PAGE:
Archive for the ‘2014’ Category

Paul Seymour and Maria Chudnovsky, Theory of excluding induced subgraphs [KAIST CMC Annual Distinguished Lecture]

Friday, December 5th, 2014
Theory of excluding induced subgraphs
Paul Seymour Department of Mathematics, Princeton University, Princeton, NJ, USA
Maria Chudnovsky, Columbia University, New York, NY, USA
2014/12/11 Thu 10:30AM-12PM, 1:30PM-3PM
2014/12/12 Fri 10:30AM-12PM, 1:30PM-3PM
E6-1, Room 1501
This will be a series of four lectures, beginning with a general introduction to the area of induced subgraphs, and later focusing on several recent results. We will examine the structure of graphs that do not contain certain induced subgraphs, and in particular study relations between the clique number, stability number and chromatic number of these graphs. Later topics will include the strong perfect graph theorem, and recent progress on the Erdos-Hajnal conjecture, and on various conjectures of Gyárfás.

2014 KAIST CMC Discrete Math Workshop

Sunday, November 23rd, 2014
December 10–12, 2014
자연과학동(E6-1), KAIST

Preregistration in deadline: Dec. 5 (Friday)

Program (Dec.10 Wed-Room 1409)
  • 1:30-2:00 Registration
  • 2:00-2:30 Young Soo Kwon (권영수), Yeungnam University: A variation of list coloring and its properties
  • 2:40-3:10 Mitsugu Hirasaka, Pusan National University: Small topics on association schemes
  • 3:10-3:40 Coffee Break
  • 3:40-4:10 Younjin Kim (김연진),  KAIST: On Extremal Combinatorial Problems of Noga Alon
  • 4:20-4:50 Jang Soo Kim (김장수),  Sungkyunkwan University: A new q-Selberg integral, Schur functions, and Young books
  • 5:00-6:00 Discussion
  • 6:00- Dinner
Program (Dec.11 Thurs-Room 1501 & 3435)
Program (Dec.12 Fri-Room 1501)

Suil O, Spectral radius and fractional matchings in graphs

Thursday, November 20th, 2014
Spectral radius and fractional matchings
in graphs
Suil O
Georgia State University
2014/12/23 Tuesday 4PM-5PM
Room 1409
A fractional matching of a graph G is a function f giving each edge a number between 0 and 1 so that \(\sum_{e \in \Gamma(v)} f(e) \le 1\) for each \(v \in V(G)\), where \(\Gamma(v)\) is the set of edges incident to v. The fractional matching number of G, written \(\alpha’_*(G)\), is the maximum of \(\sum_{e \in E(G)} f(e)\) over all fractional matchings f. Let G be an n-vertex graph with minimum degree d, and let \(\lambda_1(G)\) be the largest eigenvalue of G. In this talk, we prove that if k is a positive integer and \(\lambda_1(G) < d\sqrt{1+\frac{2k}{n-k}}[/latex], then [latex]\alpha'_*(G) > \frac{n-k}{2}\).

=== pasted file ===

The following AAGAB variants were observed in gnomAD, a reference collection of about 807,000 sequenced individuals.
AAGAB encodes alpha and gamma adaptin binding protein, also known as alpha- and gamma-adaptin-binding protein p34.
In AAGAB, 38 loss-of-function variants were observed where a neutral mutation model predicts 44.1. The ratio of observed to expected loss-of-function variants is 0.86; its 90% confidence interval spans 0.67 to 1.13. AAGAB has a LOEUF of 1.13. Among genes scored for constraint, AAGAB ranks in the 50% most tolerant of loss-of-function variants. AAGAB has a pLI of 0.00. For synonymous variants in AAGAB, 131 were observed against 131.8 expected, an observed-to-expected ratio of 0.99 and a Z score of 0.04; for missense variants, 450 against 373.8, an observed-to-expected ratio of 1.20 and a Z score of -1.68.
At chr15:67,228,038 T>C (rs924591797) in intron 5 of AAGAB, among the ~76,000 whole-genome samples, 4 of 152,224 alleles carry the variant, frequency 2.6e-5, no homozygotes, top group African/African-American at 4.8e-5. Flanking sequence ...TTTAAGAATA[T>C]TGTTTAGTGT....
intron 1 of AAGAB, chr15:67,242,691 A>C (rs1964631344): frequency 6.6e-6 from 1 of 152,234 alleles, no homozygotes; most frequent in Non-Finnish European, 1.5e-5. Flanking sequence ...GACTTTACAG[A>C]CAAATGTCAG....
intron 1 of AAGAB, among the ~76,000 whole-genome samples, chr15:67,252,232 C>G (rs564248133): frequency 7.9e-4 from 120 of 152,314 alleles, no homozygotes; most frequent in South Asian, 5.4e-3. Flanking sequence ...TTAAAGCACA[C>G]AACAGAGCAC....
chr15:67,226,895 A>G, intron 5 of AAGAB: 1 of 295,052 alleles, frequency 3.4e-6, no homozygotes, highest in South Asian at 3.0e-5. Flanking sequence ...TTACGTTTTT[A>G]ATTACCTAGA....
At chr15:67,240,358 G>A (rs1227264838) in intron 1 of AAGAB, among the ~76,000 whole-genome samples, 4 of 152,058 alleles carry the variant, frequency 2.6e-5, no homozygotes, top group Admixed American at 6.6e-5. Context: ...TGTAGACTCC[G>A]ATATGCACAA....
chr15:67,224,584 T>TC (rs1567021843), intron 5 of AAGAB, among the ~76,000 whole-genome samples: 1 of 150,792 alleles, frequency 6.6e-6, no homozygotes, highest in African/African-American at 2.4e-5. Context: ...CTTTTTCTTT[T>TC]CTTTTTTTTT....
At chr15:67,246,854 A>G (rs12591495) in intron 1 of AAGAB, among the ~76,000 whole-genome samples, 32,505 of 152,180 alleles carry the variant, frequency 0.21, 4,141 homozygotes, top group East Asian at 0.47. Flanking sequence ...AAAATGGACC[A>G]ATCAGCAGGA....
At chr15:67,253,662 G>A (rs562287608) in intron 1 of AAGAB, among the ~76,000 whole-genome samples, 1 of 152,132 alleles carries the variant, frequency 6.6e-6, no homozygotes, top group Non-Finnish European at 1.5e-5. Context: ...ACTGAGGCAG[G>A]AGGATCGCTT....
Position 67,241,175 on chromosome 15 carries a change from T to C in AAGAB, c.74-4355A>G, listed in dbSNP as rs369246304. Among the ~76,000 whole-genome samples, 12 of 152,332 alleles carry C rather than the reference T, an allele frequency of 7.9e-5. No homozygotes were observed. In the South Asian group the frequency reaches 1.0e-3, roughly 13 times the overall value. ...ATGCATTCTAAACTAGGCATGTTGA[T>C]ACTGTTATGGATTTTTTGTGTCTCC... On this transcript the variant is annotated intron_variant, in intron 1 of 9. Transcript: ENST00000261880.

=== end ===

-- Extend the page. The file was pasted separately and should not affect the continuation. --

[CS Colloquium] Sungjin Im, Competitive Scheduling from Competitive Equilibria

Wednesday, November 19th, 2014

FYI (CS Colloquium)

Competitive Scheduling from Competitive Equilibria
Sungjin Im
Department of Electrical Engineering and Computer Science, UC Merced, CA, USA
2014/12/08 Mon 4PM-5:30PM
Scheduling jobs is a fundamental problem that arises in numerous forms and in various situations. In this talk, we introduce and study a general scheduling problem that we term the Packing Scheduling problem (PSP). In this problem, jobs can have different arrival times and sizes, and the rates at which a scheduler can process jobs are subject to arbitrary packing constraints. The PSP framework captures a variety of scheduling problems, including the classical problems of heterogeneous machines scheduling, broadcast scheduling, and scheduling jobs of different parallelizability. It also captures scheduling constraints arising in diverse modern environments ranging from individual computer architectures to data centers. More concretely, PSP models multidimensional resource requirements and parallelizability, as well as network bandwidth requirements found in data center scheduling. We design non-clairvoyant online algorithms for PSP and its special cases, meaning that they make scheduling decisions without knowing the future jobs, or even outstanding jobs sizes until their completion. Interestingly, our algorithms are inspired by ideas developed in game theory, which at first sight seems to have no connection to online scheduling.

Jon Lee, Matroid Optimization

Tuesday, November 18th, 2014
Matroid Optimization
Jon Lee
University of Michigan, Ann Arbor, USA.
2014/12/04 *Thursday* 4PM-5PM
Room 1409
Matroids can be seen an an abstraction for understanding the essence of algorithms for some classical graph problems: (i) optimum-weight spanning tree, and (ii) optimum-weight assignment. We will see some recent results showing how matroids have further natural roles in various combinatorial-optimization problems where some local-search and linear-programming-based algorithms find provably-good approximations. In particular, we will look at: (iii) constrained submodular-function maximization, (iv) the well-known matroid matching problem, and (v) various nonlinear-objective matroid-intersection problems.